When I left the Handley Cemetery I drove south to Camper World to have my solar power converter fixed. I arrived a little early for my 1:00 appointment but spent the time shopping for a few things I needed. After the lunch break I went out to the shop to show them where the converter was hidden. The technician asked me a couple of questions about what the problem was, he tested for electricity flow, then moved a little black switch into the “on” position and voila my problem was fixed – No charge! So, now all my technical problems were fixed and I had time to visit the Tarrant County Courthouse that afternoon.

It is a beautiful building designed by Gunn & Curtis Architects in the Renaissance Revival style. The original cost of construction was $408,840 and the citizenry thought the politicians were so extravagant at the time they voted them out of office.  The interior of the building is also spectacular. It was added to the National Register of Historic Places in 1970.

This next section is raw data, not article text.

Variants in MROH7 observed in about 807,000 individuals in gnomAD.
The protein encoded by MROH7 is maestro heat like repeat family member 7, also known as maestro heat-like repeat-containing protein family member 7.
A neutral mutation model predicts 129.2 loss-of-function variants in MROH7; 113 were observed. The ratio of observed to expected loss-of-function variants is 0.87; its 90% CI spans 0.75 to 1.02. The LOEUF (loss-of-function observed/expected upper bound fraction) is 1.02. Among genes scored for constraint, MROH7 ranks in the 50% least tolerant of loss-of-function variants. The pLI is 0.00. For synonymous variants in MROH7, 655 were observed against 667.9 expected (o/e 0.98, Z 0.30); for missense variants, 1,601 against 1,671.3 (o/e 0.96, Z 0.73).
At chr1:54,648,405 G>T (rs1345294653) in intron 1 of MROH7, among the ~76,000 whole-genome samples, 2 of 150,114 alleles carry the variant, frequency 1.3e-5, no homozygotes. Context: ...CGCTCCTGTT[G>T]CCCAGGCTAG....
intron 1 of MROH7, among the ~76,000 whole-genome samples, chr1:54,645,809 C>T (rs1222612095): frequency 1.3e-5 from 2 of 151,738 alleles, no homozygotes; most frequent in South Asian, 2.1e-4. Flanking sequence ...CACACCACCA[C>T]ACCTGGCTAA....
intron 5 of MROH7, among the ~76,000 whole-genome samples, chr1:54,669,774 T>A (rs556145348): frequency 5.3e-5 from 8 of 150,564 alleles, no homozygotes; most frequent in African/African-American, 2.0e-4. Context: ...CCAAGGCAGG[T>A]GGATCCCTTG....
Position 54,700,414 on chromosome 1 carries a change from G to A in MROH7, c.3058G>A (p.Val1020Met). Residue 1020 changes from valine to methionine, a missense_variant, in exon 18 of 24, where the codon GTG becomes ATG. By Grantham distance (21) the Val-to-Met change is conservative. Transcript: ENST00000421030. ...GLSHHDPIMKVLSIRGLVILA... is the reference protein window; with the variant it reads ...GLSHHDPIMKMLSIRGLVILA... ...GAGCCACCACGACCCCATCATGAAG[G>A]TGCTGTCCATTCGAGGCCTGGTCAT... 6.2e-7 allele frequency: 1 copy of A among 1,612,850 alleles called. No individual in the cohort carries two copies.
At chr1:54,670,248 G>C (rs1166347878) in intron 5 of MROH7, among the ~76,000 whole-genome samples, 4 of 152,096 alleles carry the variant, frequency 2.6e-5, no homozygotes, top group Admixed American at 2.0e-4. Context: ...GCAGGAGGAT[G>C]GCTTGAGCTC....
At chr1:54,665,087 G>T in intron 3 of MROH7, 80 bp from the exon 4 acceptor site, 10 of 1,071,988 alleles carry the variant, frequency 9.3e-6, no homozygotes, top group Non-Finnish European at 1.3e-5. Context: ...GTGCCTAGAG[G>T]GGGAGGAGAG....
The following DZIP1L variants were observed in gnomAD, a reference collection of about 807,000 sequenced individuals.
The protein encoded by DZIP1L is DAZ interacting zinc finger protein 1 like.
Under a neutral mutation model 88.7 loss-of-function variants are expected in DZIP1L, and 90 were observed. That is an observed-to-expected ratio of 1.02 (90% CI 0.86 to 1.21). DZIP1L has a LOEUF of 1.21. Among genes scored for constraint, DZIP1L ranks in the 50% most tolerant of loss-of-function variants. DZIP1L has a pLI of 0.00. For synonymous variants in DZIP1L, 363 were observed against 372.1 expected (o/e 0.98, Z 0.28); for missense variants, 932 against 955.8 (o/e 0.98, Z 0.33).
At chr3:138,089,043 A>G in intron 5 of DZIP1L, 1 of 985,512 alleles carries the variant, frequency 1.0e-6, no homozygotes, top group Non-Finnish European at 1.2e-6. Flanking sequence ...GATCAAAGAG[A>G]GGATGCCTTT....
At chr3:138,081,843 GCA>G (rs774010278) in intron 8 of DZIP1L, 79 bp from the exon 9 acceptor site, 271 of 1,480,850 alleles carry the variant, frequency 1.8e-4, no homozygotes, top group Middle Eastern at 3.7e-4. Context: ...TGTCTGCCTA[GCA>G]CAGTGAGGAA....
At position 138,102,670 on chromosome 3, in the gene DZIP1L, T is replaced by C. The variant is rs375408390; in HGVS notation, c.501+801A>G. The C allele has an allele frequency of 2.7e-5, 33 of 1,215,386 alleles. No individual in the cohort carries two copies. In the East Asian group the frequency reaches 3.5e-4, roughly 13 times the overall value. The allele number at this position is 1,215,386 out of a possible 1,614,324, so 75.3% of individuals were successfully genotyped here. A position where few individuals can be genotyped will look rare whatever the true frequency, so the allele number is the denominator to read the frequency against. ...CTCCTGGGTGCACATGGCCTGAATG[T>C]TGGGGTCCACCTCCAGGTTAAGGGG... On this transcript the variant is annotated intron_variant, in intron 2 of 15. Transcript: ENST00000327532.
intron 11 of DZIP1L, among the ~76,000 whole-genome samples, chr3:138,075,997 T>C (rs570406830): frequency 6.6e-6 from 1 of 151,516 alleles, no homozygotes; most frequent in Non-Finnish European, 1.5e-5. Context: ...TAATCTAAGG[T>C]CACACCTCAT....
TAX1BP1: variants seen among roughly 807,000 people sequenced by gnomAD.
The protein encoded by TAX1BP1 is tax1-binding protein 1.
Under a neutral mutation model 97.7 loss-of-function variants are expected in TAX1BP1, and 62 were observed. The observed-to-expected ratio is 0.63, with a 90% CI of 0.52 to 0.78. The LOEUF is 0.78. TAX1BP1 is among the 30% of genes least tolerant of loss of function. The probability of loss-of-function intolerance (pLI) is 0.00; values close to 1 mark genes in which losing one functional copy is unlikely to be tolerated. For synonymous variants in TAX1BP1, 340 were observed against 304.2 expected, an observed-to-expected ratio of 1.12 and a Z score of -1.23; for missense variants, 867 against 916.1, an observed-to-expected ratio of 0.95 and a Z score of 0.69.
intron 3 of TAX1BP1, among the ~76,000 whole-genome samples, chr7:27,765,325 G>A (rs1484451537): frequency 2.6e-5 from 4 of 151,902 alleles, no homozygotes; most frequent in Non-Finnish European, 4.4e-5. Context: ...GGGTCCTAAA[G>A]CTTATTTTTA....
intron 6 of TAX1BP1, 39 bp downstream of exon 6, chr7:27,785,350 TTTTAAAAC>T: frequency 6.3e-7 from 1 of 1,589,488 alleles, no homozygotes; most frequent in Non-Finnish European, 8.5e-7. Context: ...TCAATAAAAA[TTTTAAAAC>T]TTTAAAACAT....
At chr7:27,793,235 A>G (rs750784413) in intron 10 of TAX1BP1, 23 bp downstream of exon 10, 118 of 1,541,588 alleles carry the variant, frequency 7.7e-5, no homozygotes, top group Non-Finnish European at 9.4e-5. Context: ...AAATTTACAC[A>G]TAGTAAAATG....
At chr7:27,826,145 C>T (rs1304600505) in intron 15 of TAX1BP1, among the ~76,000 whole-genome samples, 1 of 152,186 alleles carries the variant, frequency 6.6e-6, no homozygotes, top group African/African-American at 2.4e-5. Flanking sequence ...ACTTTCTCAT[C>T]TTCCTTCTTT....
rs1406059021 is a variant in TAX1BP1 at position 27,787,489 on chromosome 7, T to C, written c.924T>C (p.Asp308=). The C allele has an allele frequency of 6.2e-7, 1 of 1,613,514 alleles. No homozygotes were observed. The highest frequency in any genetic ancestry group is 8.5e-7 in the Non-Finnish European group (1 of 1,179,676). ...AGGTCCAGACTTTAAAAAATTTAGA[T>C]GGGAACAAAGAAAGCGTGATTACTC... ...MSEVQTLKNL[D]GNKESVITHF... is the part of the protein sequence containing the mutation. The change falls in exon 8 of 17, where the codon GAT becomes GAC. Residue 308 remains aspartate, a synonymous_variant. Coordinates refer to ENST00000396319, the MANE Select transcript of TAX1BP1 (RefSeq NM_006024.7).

After finding a parking space directly across the street from the courthouse, I made my way to the City Clerk’s office. The man at the front desk informed me that the marriage record I sought for my great grandparents did not exist because there had been a fire and ….. just then one of his co-workers, Mary Boyd, returned from her break and chimed in, “oh, yes we do have those records”. The front desk person looked dubious but Ms. Boyd escorted me into the adjacent room filled with computer workstations and within five minutes had located my prize. She explained, “we only get requests for these old records about once every five years, so they forget that we have them, but I love looking for them.”  The story continues here.

Stay tuned for my next adventure at the Tennessee State Archives.  If you've got ancestors from this neck of the woods, you'll enjoy this one!

Photos courtesy of Chris Pattillo


Copyright © 2017 by California Genealogical Society